This will make you folks laugh

Recently I admitted to being no fan of diesels - I now am hoping to get a
little more edumuckated about them and am hoping some kind soul could
explain the CO CO and BO BO terminology when referring to same.
I can just see some chaps giggling behind their hands at my ignorance! But
no matter - if I dunno sumpin' I akss.
many thanks
Steve
Reply to
mindesign
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CO: 3-axle bogie/truck with all axles powered BO: ditto for 2-axle bogie A-1-A: 3-axle bogie with the 2 outer axles powered 1-CO: bogie with 3 powered axles and an unpowered pony axle
CO-BO: loco with one 3-axle bogie and one 2-axle bogie.
Reply to
MartinS
You could try . . .
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Skip down to Diesel classification, numbering and headcodes
Diesels used in the UK
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HTH
Mike
Reply to
Mike Smith
Just out of interest, are there any wheel arrangement classification standards for non-powered rolling stock, ie carriages and wagons...?
Ian J.
Reply to
Ian J.
MartinS said the following on 07/06/2006 22:09:
Just to expand on that a bit further, the "o" means that each axle is individually powered, so a class 47 with each axle driven by a separate motor is a Co-Co, whereas a Western, with the same number of wheels driven, is a C-C because the axles are linked together within each bogie.
Reply to
Paul Boyd
It's an alphamumeric code for how the wheels are laid out, and it'll work for anything, not just diesels: an example would be a Gresley A4 or Stanier Duchess, either of which would be a 2C1. A Riddles 9F would be a 1E.
Carrying axles get numbers: 1 carrying axle gets a 1, 2 get a 2 and so on. Driving axles get letters. One driving axle is A, two together B. three C. If they have individual drives (electric motors, individual single-action steam engines, hamsters in cages..) they get an o suffix, e.g. Bo If two groups of drivers (each in a single frame, such as a bogie) have a direct coupling between the bogie frames (ie. not through the bodyshell or underframe then there's a "-" between the groups. There's also a "+" linker, but I can't remember off-hand what it represents.
So... A Stirling 8' single would be 2A1 A Midland 4F would be C (like an 08 diesel shunter) An LM&S Beyer-Garrett would be 1C C1 (and a Peak-type diesel 1Do Do1 And the MR Paget locomotive (with steam motors on all axles) would be 1Co1 :)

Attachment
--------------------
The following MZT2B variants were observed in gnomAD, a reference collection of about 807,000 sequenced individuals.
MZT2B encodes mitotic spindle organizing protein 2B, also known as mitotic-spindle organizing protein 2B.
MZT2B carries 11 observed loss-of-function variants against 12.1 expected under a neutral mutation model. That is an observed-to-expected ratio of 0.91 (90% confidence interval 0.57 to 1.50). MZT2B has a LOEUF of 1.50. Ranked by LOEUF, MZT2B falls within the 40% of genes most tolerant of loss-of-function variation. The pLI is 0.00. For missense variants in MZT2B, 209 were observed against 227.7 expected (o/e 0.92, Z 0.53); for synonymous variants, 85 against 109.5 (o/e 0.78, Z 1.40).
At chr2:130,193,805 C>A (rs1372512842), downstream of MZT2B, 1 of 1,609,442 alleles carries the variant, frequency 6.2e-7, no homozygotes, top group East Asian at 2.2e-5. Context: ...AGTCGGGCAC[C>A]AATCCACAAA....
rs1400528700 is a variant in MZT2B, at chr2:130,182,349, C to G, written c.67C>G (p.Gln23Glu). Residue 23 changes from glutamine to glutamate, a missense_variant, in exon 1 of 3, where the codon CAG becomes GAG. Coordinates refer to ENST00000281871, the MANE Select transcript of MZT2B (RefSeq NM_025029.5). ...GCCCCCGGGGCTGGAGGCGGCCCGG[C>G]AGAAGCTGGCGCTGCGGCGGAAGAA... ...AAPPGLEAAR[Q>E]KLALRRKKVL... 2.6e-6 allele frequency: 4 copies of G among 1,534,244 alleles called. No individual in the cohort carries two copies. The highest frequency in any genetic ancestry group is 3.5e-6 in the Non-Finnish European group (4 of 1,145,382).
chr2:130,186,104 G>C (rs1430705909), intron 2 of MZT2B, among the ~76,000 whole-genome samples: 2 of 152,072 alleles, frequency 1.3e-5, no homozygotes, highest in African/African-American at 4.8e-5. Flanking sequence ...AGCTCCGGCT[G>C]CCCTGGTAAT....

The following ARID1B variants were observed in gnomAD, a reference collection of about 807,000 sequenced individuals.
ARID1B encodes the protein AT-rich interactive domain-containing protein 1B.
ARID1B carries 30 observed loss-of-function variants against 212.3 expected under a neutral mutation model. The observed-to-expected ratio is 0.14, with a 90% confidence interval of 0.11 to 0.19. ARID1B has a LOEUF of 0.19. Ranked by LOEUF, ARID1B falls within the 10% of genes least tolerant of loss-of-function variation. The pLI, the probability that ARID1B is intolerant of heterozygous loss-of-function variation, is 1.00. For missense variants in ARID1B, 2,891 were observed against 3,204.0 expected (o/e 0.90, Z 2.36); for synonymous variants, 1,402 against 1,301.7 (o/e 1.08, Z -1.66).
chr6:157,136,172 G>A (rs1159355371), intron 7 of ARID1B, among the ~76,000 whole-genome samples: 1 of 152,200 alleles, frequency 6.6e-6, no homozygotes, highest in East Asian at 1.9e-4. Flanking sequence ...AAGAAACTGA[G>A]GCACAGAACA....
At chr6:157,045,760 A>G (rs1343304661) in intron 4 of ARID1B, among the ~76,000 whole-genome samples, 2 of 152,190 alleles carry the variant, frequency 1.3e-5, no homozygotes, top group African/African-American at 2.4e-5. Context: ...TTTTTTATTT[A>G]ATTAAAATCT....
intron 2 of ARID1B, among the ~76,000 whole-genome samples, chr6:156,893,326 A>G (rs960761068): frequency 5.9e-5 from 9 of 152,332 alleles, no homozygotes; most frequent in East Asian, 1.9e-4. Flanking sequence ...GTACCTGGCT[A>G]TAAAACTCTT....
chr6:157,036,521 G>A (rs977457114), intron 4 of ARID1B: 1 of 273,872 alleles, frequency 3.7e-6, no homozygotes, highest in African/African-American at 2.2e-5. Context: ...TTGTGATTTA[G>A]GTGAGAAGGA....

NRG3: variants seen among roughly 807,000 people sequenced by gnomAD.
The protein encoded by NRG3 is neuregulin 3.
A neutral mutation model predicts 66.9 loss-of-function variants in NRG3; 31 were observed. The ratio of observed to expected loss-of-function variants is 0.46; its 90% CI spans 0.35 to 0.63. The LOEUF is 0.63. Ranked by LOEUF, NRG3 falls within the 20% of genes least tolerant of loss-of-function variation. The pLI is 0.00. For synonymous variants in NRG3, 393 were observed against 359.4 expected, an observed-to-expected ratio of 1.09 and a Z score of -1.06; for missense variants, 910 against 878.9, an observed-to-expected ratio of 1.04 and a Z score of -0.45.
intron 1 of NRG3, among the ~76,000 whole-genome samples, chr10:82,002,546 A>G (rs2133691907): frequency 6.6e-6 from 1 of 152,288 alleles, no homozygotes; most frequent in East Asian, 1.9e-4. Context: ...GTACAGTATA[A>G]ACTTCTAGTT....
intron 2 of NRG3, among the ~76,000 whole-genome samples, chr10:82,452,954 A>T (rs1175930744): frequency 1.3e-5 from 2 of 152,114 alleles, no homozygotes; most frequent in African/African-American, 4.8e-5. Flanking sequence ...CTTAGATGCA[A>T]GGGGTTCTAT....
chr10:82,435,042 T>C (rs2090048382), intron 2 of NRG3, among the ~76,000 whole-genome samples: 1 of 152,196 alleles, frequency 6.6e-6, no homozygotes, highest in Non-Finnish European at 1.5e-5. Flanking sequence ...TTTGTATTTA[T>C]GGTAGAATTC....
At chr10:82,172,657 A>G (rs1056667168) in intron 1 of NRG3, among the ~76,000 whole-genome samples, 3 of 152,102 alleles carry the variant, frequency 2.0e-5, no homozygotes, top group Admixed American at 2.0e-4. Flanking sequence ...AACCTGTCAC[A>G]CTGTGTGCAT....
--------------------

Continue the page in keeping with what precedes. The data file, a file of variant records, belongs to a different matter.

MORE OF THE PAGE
Reply to
Andrew Robert Breen
Andrew Robert Breen said the following on 08/06/2006 16:40:
A Peak surely is a 1Co-Co1, according to everything I've ever seen.
Reply to
Paul Boyd
Of course it is. It's been a long hot day.
On reflection, "+" denotes a separate driving group in an entirely separate frame, linked through a coupling? So a steam example might be that mobile parade of steam machinery. Harrison's 'Hurricane' on the GW in the early days: 1A1+3, while a more modern and electric example could be the Swedish Dm3s: 1D+D+D1
Reply to
Andrew Robert Breen
And we don't bother with the small "o" on this side of the pond as every single loco has one motor per powered axle, with no linked drives. Thus, it's C-C, B-B, D-D, A1A-A1A.
-- Cheers
Roger T.
Home of the Great Eastern Railway
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Reply to
Roger T.
Most Americans get it wrong - they call any 6-wheeled truck a C. Whether they're A-1-A (the streamlined E-units) a genuine C (the Krauss Maffei diseasel hydraulics) or a Co.
Reply to
Christopher A. Lee
The Krauss Maffei diesel hydraulics had a single drive to each truck, with each axle powered. As do some preserved EMD and Whitcombe switchers with side rods on the trucks.
Reply to
Christopher A. Lee
No, you've got it wrong. North Americans (Canadians, Americans, Mexican, Cubans et al) don't do what you wrote.
-- Cheers
Roger T.
Home of the Great Eastern Railway
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Reply to
Roger T.
As each axle was powered, they become a C-C (?). I can't recall if they were two or three axle trucks.
I don't recall how they were described. My "Diesel Spotters Guide" is not to hand.
Reply to
Roger T.
Thanks for ALLLLLLLLLLLLLLLLLLLLLLLLLLLLL the replies
:)))
I am no longer confused, though have to admit that if I was forced to recite all the designations at this time I would probably just throw myself into the 4-6-2
Reply to
mindesign
"mindesign" wrote in news:jpLig.3106$ snipped-for-privacy@nasal.pacific.net.au:
LOL!
Bloody colonials, what's wrong with the good old 4-4-2?
Mind you the 2-6-4 is nice at this time of the year but looking further afield the 4-6-4 may still be a little cold.
Reply to
Chris Wilson
No, you've got it wrong. North Americans (Canadians, Americans, Mexican,
However, as this is UK.rec etc , I suspect most of us don't really care about Americans.
Reply to
Rob Kemp
nothing wrong with a 4-42 at all mate ..... I love them too
They're just not called Pacific's so I am at a loss as to how I could squeeze a joke out of using them in this thread
:))))))
Steve
Reply to
mindesign

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